Their killers was working in two-week intervals.
January 27, 2014
A VG Serial: ToxiCity
Twenty minutes later Brewster had pulled up a dozen articles on Meadow City. Stone read them. When he finished, he stared at the wall. Two children had died. Their families had tried to take action, but after years of litigation, thousands of dollars, and a litany of excuses, they came out with nothing.
“Stone.” Brewster’s voice broke his concentration. Stone looked up. Brewster was clutching one of the articles.
“The company that did the clean-up? At Meadow City?” He pointed to the article. “It was Prairie State Environmental Services.”
“The company downstate? Where they found the bodies of the contractor and the owner’s son?”
“On the perimeter of a toxic waste site.” Brewster handed over the article. Stone read it.
Romano, Simon, Landon. All connected to Meadow City. And now the deaths at Prairie State were too. And all of them dumped in landfills or waste disposal sites. He ordered the Task Force to begin tracking down everyone associated with Meadow City: lawyers, plaintiffs, defendants, witnesses, even experts.
“But most important, I want the families who lived there. I want to know where they were the nights of the murders, and I want to know where they’ve been for the past twenty years.”
“Jesus. That could take days,” Brewster said.
“Then I guess you’d better get started.”
Within minutes, the sounds of conversations, faxes, and copiers hummed through the air. Stone could almost smell the anticipation. He reread the article about Prairie State. Two bodies, one of them the son who had taken over the father’s business. Like Ricki Feldman.
Stone jumped up and scanned the time-line on the wall. Their killer was working in two-week intervals. Today was Wednesday. The day before Thanksgiving. After that, a long weekend and the unofficial launch of the Christmas shopping season. That would make two weeks since Landon’s death. He hoped they weren’t too late.
“More turkey, dear?” Matt’s mother asked.
“No thanks. It was delicious.” He lied. The turkey was as dry as sandpaper. He glanced at his father, who was still dutifully chewing.
“What do you hear from Shelly?” Matt asked. His sister, who lived outside D.C., hadn’t been able to make it out this year. Something about her son’s championship soccer match.
“She and Ben are going to the Bahamas,” his mother answered. Like Matt, Shelly had gone to school out East. The difference was she never came back. This year, it was a quiet Thanksgiving, just the three of them. And the empty chair on the other side of the table.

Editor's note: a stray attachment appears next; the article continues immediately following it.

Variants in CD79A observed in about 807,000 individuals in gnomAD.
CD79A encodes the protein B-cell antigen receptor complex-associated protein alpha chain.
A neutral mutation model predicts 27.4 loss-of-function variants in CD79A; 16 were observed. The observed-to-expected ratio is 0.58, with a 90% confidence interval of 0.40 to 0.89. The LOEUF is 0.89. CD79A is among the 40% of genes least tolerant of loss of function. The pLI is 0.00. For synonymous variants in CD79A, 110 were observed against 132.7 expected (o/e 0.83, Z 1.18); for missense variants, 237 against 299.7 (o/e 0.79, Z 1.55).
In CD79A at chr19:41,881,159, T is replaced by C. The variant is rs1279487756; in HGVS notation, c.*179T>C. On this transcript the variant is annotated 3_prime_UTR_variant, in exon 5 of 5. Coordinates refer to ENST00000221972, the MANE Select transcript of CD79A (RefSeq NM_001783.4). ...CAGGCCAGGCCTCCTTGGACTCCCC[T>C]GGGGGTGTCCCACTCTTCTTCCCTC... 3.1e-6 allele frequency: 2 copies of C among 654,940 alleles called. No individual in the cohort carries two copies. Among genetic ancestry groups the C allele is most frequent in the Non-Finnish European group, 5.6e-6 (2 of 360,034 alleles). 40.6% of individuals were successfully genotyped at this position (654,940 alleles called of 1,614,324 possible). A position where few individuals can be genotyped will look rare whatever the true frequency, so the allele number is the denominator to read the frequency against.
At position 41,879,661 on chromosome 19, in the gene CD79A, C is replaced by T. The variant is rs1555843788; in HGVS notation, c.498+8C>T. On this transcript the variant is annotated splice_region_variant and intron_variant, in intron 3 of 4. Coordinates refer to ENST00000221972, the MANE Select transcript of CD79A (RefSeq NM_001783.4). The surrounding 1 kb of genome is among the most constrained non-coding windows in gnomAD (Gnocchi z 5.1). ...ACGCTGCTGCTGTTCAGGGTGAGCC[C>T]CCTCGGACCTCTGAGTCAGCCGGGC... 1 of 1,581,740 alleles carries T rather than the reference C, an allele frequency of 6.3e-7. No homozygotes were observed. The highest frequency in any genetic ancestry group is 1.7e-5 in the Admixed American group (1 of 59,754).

“That’s nice,” Matt said without enthusiasm.
“You should think about it,” his mother said.
“Oh, I don’t think I’d like it much in the Bahamas.”
“I didn’t mean there, necessarily, but you could use a vacation.” Evelyn smiled brightly. Her forced gaiety was grating. How could she be so cheery? He began to understand what Georgia meant about putting things in boxes. It must run in the family.
His mother started to pick up the plates.
“Here, I’ll help.” Matt rose from the table.
“Sit. I can manage.”
But he had to move. He followed her into the kitchen.
She bent over the dishwasher and pulled out the tray. “I’m sorry about Georgia,” she said.
He stacked the dishes in the sink.
“She was a lovely woman.”
“Then why did you treat her like crap?”
His mother straightened up. “Watch your language.”
“You did. You excluded her. Made her feel like a goya.”
“I didn’t intend to. She—it was a difficult situation.”
“But it wasn’t your situation. It was mine.”
“You’re right. And if you had married her, we would have supported you. Look at Shelly and Ben.” She scraped food off the plates and loaded them into the dishwasher.
“Mother, Ben is Jewish.”
He let out a whoosh of air. “No wonder Shelly lives seven hundred miles away.”
“Matthew, that’s enough.” She filled the soap dispenser, closed the dishwasher, switched it on. “I know you’re unhappy. I see your pain. It cuts through me like a knife. If there were something I could do to make it go away, I would.” She faced him. “Don’t you think I wonder why your only serious girlfriends were both gentile? I realize I’m not the warmest person by nature. I don’t cuddle and hug. And I know I wasn’t much of a feminine role model, or whatever they call them these days. But that doesn’t make me love you any less.”
Matt didn’t know what to say. His mother had never talked to him like this.
“You know, I’ve tried not to throw your heritage in your face, but we can trace our family tree back to the seventeenth century. There aren’t many families, Jewish or otherwise, who can. I’m proud that we’ve raised such a prominent line of rabbis and scholars. And I’m equally proud that Hitler, the animal, couldn’t destroy us. You and Shelly are the proof. We won.”
Episodes in the novel will be published on Monday, Wednesday, and Friday.
Please click the following title,ToxiCity, to read more about Libby Fischer Hellman’s books on Amazon.